Brazilian Immigrant Mothers’ Beliefs and Practices Related to Infant Feeding: A Qualitative Study

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Abstract

Background:

Exclusive breastfeeding for the first 6 months of life and timely introduction of appropriate solid foods are important determinants of weight status in infancy and later life stages. Disparities in obesity rates among young children suggest that maternal feeding practices during the first 2 years of life may contribute to these disparities. Brazilians are a growing immigrant group in the United States, yet little research has focused on parental beliefs and behaviors affecting the health of Brazilian immigrant children in the United States.

Research aim:

This study aimed to explore beliefs and infant-feeding practices of Brazilian immigrant mothers in the United States.

Methods:

Focus group discussions were conducted with Brazilian immigrant mothers. Transcripts were analyzed using thematic analysis and themes categorized using the socioecological model.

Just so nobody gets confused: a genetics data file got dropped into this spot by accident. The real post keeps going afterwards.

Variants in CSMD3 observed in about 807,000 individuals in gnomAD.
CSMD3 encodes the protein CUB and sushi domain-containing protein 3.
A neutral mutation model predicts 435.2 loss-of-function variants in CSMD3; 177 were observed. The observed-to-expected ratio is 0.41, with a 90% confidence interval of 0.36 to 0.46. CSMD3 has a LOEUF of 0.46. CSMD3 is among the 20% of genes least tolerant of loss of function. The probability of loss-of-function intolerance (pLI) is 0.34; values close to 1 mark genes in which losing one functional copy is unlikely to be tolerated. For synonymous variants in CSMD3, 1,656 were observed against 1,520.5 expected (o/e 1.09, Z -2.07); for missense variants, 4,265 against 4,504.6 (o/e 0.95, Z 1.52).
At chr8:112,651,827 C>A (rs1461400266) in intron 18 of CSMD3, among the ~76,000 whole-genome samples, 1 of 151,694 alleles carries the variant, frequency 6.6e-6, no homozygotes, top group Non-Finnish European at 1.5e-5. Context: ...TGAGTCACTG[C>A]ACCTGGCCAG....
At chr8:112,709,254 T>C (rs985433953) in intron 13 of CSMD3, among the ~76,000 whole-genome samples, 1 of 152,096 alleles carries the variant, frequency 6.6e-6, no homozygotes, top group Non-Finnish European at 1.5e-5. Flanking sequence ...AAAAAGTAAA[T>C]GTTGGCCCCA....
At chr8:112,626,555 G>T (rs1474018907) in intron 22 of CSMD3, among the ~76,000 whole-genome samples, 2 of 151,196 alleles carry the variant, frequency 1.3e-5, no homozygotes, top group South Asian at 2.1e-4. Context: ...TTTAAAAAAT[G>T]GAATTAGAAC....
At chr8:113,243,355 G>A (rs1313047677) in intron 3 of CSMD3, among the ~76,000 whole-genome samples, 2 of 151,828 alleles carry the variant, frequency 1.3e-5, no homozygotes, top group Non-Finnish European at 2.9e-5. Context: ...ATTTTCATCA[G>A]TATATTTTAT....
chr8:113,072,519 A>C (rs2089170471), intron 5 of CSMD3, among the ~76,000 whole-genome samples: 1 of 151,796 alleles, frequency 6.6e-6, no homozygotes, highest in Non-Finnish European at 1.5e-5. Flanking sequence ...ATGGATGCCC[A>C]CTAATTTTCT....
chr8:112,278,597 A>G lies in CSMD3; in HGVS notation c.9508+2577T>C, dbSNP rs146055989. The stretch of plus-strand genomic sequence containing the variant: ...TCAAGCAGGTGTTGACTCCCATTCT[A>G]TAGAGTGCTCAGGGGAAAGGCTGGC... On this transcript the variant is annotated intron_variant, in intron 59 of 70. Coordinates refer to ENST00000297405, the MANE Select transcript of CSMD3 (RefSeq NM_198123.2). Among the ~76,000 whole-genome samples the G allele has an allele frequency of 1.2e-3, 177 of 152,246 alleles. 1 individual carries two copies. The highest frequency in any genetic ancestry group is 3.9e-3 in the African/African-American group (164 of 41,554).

Results:

Twenty-nine immigrant Brazilian mothers participated in the study. Analyses revealed that all participants breastfed their infants. The majority initiated breastfeeding soon after childbirth. However, most mothers did not exclusively breastfeed. They used formula and human milk concomitantly. Family and culture influenced mothers’ infant-feeding beliefs and practices in early introduction of solid foods.

Conclusion:

As the number of children in the United States growing up in families of immigrant parents increases, understanding influences on Brazilian immigrant mothers’ infant-feeding practices will be important to the development of effective interventions to promote healthy infant feeding and weight status among Brazilian children. Interventions designed for Brazilian immigrant families should incorporate an understanding of social context, family, and cultural factors to develop health promotion messages tailored to the needs of this ethnic group.

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